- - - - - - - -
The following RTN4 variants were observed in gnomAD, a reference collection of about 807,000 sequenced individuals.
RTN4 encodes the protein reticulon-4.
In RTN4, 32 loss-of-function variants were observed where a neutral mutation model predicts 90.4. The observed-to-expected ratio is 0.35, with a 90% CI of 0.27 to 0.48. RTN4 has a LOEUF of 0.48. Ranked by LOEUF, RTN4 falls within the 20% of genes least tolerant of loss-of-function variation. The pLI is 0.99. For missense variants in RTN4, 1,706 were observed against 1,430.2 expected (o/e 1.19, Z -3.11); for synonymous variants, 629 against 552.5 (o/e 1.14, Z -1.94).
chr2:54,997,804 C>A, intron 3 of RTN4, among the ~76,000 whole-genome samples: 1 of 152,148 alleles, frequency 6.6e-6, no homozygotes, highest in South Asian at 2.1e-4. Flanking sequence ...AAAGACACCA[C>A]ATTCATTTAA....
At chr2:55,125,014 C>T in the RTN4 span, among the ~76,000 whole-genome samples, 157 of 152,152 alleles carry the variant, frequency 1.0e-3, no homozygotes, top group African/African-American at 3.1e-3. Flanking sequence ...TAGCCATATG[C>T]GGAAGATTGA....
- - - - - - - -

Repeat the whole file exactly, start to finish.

The following RTN4 variants were observed in gnomAD, a reference collection of about 807,000 sequenced individuals.
RTN4 encodes the protein reticulon-4.
In RTN4, 32 loss-of-function variants were observed where a neutral mutation model predicts 90.4. The observed-to-expected ratio is 0.35, with a 90% CI of 0.27 to 0.48. RTN4 has a LOEUF of 0.48. Ranked by LOEUF, RTN4 falls within the 20% of genes least tolerant of loss-of-function variation. The pLI is 0.99. For missense variants in RTN4, 1,706 were observed against 1,430.2 expected (o/e 1.19, Z -3.11); for synonymous variants, 629 against 552.5 (o/e 1.14, Z -1.94).
chr2:54,997,804 C>A, intron 3 of RTN4, among the ~76,000 whole-genome samples: 1 of 152,148 alleles, frequency 6.6e-6, no homozygotes, highest in South Asian at 2.1e-4. Flanking sequence ...AAAGACACCA[C>A]ATTCATTTAA....
At chr2:55,125,014 C>T in the RTN4 span, among the ~76,000 whole-genome samples, 157 of 152,152 alleles carry the variant, frequency 1.0e-3, no homozygotes, top group African/African-American at 3.1e-3. Flanking sequence ...TAGCCATATG[C>T]GGAAGATTGA....